Along the road there were at least five Israeli checkpoints to navigate, intended to prevent anti-Arafat Jewish settlers from getting to Jericho, soldiers said.
Meanwhile, Arafat was greeted throughout the autonomous areas by Palestinians who were both exuberant to see their leader return from exile and impatient to see concrete changes in their daily lives.
‘A HISTORIC DAY FOR OUR PEOPLE’
For his part, Arafat repeatedly called for Palestinian unity and the establishment of a Palestinian state that would have Jerusalem as its capital.
In Jericho on Tuesday, a few thousand Palestinians braved heavy security to stand under a scorching sun to greet the man they call Abu Amar.
After touching down dramatically in an Egyptian helicopter, he was cheered as he had been cheered last Friday upon his arrival in Gaza with cries of, “In blood, in spirit, we will sacrifice for you and for Palestine.”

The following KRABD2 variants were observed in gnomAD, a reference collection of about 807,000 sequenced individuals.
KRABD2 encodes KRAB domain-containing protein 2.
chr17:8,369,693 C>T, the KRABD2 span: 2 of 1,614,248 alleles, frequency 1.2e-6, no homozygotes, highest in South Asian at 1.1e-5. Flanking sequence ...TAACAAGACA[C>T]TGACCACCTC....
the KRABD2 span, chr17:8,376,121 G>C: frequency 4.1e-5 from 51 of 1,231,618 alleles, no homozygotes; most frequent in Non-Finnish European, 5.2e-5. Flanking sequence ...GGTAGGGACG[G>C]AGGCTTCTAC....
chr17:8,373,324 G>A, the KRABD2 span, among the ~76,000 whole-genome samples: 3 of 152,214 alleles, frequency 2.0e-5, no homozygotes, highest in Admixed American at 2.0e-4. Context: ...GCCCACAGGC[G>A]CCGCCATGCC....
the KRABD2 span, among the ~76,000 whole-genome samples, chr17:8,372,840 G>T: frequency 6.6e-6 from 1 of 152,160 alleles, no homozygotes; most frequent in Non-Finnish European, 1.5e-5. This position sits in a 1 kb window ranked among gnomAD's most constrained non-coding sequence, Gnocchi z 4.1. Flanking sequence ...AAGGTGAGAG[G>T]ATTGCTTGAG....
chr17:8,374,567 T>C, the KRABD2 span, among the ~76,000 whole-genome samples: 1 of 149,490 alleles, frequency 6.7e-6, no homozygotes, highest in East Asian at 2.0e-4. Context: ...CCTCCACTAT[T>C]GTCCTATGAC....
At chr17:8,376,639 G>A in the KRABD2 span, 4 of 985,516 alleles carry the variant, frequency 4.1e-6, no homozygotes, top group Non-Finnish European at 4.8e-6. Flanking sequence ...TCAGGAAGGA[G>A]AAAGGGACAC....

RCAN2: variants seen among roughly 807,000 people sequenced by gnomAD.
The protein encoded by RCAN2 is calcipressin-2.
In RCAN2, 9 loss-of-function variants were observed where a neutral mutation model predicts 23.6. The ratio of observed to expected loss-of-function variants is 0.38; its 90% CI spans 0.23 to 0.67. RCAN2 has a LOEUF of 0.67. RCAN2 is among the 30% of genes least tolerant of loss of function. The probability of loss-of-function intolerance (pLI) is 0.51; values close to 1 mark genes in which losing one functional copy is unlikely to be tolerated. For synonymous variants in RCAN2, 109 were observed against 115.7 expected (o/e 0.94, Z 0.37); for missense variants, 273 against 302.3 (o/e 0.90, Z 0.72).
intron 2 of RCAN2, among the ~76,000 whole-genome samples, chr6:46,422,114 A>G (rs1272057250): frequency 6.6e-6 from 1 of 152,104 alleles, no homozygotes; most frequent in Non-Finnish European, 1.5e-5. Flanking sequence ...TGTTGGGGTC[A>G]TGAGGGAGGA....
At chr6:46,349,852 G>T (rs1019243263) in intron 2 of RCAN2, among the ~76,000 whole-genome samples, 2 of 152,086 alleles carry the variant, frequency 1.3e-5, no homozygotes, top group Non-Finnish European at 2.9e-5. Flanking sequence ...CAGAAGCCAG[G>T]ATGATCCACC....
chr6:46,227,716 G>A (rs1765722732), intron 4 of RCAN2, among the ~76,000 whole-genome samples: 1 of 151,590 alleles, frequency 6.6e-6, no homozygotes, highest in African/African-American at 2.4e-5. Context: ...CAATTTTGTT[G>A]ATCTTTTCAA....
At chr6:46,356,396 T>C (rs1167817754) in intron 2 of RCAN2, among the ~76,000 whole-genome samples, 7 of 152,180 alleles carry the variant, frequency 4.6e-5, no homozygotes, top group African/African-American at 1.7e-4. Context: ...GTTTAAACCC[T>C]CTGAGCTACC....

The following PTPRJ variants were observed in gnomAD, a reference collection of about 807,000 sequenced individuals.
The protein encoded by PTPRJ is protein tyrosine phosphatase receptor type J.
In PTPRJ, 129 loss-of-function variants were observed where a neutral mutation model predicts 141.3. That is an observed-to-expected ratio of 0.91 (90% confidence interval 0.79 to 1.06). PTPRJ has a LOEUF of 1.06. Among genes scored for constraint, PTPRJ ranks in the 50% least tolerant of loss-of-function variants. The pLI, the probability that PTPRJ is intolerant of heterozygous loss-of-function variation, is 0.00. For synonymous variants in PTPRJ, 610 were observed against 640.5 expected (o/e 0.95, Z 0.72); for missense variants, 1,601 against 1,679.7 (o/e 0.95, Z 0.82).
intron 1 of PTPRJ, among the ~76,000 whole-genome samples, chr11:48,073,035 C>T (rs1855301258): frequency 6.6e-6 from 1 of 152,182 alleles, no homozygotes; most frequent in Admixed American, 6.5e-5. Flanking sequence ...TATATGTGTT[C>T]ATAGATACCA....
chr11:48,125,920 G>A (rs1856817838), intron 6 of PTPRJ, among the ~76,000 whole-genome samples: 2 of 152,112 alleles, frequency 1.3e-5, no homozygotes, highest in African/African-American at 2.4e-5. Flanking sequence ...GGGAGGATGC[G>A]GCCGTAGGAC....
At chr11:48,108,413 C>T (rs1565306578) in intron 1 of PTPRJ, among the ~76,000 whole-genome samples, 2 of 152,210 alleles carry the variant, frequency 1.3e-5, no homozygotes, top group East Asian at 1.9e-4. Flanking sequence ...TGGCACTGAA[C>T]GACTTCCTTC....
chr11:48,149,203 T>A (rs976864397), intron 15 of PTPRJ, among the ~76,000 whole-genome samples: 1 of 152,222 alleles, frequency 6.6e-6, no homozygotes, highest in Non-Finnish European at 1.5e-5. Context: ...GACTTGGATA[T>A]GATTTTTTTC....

“It is a historic day for our people when our president is coming back to his homeland to manage the Palestine National Authority,” said Munthir Salah, president of Najah University in Nablus, one of the dignitaries who had been bused in for the speech.
“It’s a first step to our state — Palestine,” Salah said.
Awni Shahrour, a dentist from Tulkarm who said he had last seen Arafat 24 years ago when Shahrour was a student in Algeria, said, “This is a historic moment to receive our president in our land which is liberated from Israeli occupation.”
A Palestinian woman, 25-year-old Fatna Kassab, said, “I am very happy, but I won’t be fully happy until we return to all the 1967 borders, especially Jerusalem.”